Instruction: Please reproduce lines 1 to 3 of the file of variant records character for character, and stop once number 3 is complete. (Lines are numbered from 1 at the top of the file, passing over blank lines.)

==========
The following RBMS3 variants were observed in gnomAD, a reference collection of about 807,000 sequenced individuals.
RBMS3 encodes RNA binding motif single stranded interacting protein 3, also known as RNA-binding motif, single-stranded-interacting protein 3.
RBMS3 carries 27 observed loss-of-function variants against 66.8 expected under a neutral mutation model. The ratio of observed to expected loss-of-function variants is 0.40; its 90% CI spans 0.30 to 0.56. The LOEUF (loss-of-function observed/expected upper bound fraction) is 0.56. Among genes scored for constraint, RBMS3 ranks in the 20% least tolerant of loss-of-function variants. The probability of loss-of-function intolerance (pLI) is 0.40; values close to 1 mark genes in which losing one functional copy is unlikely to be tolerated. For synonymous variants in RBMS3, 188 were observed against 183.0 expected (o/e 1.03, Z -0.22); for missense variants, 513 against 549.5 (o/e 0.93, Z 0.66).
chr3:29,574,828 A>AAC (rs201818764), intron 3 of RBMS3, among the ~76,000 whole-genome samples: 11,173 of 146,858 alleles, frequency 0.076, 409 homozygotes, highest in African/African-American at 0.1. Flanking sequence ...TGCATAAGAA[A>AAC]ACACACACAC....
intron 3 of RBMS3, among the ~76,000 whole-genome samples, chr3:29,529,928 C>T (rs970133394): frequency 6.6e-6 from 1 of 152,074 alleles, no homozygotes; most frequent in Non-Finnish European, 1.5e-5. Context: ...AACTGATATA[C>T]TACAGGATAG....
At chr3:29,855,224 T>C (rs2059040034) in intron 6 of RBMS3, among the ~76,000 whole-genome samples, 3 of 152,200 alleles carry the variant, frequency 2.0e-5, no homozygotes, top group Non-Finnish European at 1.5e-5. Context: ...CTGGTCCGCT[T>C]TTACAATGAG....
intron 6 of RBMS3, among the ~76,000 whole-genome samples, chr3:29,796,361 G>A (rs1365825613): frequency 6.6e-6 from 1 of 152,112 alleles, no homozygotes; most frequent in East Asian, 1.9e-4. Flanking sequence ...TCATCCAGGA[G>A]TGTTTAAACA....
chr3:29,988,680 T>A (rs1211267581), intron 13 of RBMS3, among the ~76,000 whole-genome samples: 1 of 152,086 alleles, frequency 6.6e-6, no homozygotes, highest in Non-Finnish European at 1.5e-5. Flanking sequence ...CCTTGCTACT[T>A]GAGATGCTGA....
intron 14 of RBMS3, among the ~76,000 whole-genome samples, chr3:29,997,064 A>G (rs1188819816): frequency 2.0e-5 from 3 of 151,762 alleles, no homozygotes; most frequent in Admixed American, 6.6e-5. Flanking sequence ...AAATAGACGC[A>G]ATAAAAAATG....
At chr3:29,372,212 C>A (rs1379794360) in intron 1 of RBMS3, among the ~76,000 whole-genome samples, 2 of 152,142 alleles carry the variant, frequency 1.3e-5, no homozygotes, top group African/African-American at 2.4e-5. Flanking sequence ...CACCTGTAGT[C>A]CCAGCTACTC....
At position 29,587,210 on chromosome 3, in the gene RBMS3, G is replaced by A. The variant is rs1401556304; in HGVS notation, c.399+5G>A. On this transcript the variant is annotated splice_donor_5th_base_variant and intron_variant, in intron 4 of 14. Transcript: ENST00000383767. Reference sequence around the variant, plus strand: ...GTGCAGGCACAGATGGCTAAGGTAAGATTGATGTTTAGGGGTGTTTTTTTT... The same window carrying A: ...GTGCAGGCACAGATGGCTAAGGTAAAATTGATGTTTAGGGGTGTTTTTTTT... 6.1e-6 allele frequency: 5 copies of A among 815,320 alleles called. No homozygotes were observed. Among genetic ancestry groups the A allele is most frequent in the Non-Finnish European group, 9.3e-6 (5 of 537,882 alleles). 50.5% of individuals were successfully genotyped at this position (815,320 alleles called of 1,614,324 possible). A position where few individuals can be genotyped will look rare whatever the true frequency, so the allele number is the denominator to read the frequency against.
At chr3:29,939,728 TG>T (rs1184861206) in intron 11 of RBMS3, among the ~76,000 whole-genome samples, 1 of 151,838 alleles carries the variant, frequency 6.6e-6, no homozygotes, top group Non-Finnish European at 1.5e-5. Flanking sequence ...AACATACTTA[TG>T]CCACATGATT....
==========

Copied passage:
The following RBMS3 variants were observed in gnomAD, a reference collection of about 807,000 sequenced individuals.
RBMS3 encodes RNA binding motif single stranded interacting protein 3, also known as RNA-binding motif, single-stranded-interacting protein 3.
RBMS3 carries 27 observed loss-of-function variants against 66.8 expected under a neutral mutation model. The ratio of observed to expected loss-of-function variants is 0.40; its 90% CI spans 0.30 to 0.56. The LOEUF (loss-of-function observed/expected upper bound fraction) is 0.56. Among genes scored for constraint, RBMS3 ranks in the 20% least tolerant of loss-of-function variants. The probability of loss-of-function intolerance (pLI) is 0.40; values close to 1 mark genes in which losing one functional copy is unlikely to be tolerated. For synonymous variants in RBMS3, 188 were observed against 183.0 expected (o/e 1.03, Z -0.22); for missense variants, 513 against 549.5 (o/e 0.93, Z 0.66).